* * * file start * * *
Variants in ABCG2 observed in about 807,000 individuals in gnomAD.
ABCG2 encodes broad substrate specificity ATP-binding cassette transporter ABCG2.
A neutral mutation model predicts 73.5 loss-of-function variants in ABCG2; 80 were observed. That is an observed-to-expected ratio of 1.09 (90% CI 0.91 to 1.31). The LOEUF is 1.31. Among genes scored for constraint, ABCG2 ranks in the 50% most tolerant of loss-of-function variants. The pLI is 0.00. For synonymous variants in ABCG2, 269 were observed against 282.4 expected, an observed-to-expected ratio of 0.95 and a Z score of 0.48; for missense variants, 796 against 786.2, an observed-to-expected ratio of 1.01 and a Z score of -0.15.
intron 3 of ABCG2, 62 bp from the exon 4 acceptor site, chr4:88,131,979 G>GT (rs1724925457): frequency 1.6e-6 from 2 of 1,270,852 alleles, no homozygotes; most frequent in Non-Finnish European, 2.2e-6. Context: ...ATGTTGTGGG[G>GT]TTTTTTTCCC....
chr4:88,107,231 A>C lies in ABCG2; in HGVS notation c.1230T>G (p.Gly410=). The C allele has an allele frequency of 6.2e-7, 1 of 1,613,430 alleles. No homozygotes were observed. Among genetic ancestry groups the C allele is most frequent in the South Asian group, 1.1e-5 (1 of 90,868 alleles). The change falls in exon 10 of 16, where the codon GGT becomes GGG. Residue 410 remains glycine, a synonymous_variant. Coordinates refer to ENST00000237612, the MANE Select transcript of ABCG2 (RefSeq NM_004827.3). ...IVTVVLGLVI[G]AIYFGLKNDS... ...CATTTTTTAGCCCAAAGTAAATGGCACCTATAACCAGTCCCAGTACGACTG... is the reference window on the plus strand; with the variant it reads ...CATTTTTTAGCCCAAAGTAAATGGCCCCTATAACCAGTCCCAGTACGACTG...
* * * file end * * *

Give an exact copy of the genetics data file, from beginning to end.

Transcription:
Variants in ABCG2 observed in about 807,000 individuals in gnomAD.
ABCG2 encodes broad substrate specificity ATP-binding cassette transporter ABCG2.
A neutral mutation model predicts 73.5 loss-of-function variants in ABCG2; 80 were observed. That is an observed-to-expected ratio of 1.09 (90% CI 0.91 to 1.31). The LOEUF is 1.31. Among genes scored for constraint, ABCG2 ranks in the 50% most tolerant of loss-of-function variants. The pLI is 0.00. For synonymous variants in ABCG2, 269 were observed against 282.4 expected, an observed-to-expected ratio of 0.95 and a Z score of 0.48; for missense variants, 796 against 786.2, an observed-to-expected ratio of 1.01 and a Z score of -0.15.
intron 3 of ABCG2, 62 bp from the exon 4 acceptor site, chr4:88,131,979 G>GT (rs1724925457): frequency 1.6e-6 from 2 of 1,270,852 alleles, no homozygotes; most frequent in Non-Finnish European, 2.2e-6. Context: ...ATGTTGTGGG[G>GT]TTTTTTTCCC....
chr4:88,107,231 A>C lies in ABCG2; in HGVS notation c.1230T>G (p.Gly410=). The C allele has an allele frequency of 6.2e-7, 1 of 1,613,430 alleles. No homozygotes were observed. Among genetic ancestry groups the C allele is most frequent in the South Asian group, 1.1e-5 (1 of 90,868 alleles). The change falls in exon 10 of 16, where the codon GGT becomes GGG. Residue 410 remains glycine, a synonymous_variant. Coordinates refer to ENST00000237612, the MANE Select transcript of ABCG2 (RefSeq NM_004827.3). ...IVTVVLGLVI[G]AIYFGLKNDS... ...CATTTTTTAGCCCAAAGTAAATGGCACCTATAACCAGTCCCAGTACGACTG... is the reference window on the plus strand; with the variant it reads ...CATTTTTTAGCCCAAAGTAAATGGCCCCTATAACCAGTCCCAGTACGACTG...